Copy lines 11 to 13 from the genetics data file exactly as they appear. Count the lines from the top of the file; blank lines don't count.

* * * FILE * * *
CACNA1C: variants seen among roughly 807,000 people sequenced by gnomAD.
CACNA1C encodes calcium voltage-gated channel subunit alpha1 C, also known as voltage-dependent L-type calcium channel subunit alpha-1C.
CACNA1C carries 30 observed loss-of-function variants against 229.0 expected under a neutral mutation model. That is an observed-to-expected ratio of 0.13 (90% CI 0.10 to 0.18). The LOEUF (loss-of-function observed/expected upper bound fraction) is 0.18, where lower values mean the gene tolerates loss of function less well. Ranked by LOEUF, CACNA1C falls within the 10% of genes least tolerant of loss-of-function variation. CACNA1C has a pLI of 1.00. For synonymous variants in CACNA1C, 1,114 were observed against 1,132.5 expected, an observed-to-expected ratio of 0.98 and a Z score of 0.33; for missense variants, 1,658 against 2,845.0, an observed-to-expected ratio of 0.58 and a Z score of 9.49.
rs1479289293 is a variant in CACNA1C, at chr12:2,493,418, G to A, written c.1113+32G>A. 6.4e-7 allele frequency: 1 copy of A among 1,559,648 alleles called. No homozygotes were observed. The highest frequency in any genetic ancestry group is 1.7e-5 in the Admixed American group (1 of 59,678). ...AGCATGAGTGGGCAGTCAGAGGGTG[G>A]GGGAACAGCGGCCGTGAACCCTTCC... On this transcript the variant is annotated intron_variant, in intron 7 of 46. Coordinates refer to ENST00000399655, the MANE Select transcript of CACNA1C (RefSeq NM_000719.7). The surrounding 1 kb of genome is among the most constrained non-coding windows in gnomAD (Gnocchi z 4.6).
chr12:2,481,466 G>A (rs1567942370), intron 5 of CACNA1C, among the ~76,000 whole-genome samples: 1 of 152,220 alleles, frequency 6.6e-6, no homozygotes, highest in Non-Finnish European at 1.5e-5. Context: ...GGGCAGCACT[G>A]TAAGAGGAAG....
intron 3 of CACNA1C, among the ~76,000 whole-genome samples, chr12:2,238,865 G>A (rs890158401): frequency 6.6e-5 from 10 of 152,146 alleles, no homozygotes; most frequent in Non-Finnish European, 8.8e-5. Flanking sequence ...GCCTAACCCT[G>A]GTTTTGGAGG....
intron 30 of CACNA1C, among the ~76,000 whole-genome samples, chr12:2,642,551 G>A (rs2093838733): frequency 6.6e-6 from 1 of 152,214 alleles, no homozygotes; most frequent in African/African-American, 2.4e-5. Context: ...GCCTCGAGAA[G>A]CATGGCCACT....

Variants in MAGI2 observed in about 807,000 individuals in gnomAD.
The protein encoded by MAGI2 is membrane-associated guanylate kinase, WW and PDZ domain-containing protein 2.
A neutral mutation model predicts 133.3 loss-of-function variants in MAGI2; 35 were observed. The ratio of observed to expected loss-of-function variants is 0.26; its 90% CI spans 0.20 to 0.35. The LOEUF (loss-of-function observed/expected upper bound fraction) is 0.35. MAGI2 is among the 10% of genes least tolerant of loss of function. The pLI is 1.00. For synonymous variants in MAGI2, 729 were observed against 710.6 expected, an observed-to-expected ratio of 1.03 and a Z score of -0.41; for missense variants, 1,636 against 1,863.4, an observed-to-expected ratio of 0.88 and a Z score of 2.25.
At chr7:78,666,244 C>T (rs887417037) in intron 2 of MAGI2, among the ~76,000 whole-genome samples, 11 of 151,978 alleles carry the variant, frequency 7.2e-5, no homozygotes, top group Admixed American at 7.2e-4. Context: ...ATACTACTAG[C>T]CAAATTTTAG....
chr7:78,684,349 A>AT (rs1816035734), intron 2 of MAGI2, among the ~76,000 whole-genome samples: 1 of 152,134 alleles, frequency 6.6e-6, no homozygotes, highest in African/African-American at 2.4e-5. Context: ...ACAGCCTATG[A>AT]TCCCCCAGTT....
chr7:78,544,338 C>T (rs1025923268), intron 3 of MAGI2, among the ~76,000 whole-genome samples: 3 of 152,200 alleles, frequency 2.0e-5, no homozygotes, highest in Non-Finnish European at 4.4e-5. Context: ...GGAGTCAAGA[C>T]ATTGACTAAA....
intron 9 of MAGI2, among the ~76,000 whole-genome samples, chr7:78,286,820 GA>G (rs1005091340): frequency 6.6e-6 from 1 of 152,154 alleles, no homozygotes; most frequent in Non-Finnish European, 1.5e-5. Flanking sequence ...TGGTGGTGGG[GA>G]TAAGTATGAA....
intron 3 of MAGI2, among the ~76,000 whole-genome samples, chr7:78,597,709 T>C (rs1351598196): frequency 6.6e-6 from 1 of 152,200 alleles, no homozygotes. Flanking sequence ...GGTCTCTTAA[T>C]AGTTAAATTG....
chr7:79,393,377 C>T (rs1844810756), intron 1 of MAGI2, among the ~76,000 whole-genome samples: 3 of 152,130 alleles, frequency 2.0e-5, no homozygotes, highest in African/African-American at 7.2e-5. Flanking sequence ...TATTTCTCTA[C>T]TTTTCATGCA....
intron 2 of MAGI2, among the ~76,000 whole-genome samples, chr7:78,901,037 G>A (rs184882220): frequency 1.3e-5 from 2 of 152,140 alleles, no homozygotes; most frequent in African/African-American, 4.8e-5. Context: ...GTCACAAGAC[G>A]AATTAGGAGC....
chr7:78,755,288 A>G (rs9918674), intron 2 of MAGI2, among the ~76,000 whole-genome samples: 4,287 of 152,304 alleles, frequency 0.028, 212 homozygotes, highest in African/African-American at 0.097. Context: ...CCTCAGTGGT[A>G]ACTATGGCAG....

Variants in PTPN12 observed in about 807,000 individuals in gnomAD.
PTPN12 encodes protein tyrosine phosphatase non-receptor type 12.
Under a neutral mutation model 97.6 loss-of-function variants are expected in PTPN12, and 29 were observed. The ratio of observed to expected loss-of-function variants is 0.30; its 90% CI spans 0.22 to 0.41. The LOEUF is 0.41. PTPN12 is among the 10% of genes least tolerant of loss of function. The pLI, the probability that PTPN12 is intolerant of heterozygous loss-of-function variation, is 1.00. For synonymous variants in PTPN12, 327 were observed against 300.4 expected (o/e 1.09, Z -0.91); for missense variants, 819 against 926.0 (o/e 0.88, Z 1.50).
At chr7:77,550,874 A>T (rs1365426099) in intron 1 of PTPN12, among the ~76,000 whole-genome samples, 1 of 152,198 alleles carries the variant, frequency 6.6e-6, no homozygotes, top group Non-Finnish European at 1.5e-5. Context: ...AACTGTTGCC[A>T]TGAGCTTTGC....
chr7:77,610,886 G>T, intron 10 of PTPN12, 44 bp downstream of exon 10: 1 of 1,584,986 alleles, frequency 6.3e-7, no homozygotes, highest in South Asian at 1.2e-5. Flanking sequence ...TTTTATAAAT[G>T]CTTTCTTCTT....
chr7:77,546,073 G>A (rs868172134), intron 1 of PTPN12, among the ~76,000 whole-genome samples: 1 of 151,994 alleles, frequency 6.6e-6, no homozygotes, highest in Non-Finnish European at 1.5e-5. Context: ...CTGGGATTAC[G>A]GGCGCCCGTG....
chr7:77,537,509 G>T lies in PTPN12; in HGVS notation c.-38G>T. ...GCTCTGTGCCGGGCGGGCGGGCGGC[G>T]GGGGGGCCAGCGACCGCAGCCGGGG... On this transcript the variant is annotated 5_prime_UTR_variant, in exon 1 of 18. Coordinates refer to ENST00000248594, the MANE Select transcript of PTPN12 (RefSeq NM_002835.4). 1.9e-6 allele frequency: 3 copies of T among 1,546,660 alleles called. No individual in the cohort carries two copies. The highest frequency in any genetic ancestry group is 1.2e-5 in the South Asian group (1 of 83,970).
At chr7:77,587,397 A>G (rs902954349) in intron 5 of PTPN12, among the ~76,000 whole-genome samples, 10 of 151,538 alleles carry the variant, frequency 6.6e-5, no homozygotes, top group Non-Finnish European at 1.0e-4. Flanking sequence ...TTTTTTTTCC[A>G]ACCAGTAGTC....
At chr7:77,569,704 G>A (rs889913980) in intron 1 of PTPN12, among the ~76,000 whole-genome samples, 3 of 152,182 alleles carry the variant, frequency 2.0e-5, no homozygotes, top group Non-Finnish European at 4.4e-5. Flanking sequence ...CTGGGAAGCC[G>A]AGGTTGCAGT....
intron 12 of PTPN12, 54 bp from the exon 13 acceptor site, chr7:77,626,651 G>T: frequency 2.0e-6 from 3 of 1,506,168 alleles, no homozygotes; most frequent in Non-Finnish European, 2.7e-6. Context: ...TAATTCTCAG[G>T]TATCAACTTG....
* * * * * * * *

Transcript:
At chr7:78,666,244 C>T (rs887417037) in intron 2 of MAGI2, among the ~76,000 whole-genome samples, 11 of 151,978 alleles carry the variant, frequency 7.2e-5, no homozygotes, top group Admixed American at 7.2e-4. Context: ...ATACTACTAG[C>T]CAAATTTTAG....
chr7:78,684,349 A>AT (rs1816035734), intron 2 of MAGI2, among the ~76,000 whole-genome samples: 1 of 152,134 alleles, frequency 6.6e-6, no homozygotes, highest in African/African-American at 2.4e-5. Context: ...ACAGCCTATG[A>AT]TCCCCCAGTT....
chr7:78,544,338 C>T (rs1025923268), intron 3 of MAGI2, among the ~76,000 whole-genome samples: 3 of 152,200 alleles, frequency 2.0e-5, no homozygotes, highest in Non-Finnish European at 4.4e-5. Context: ...GGAGTCAAGA[C>T]ATTGACTAAA....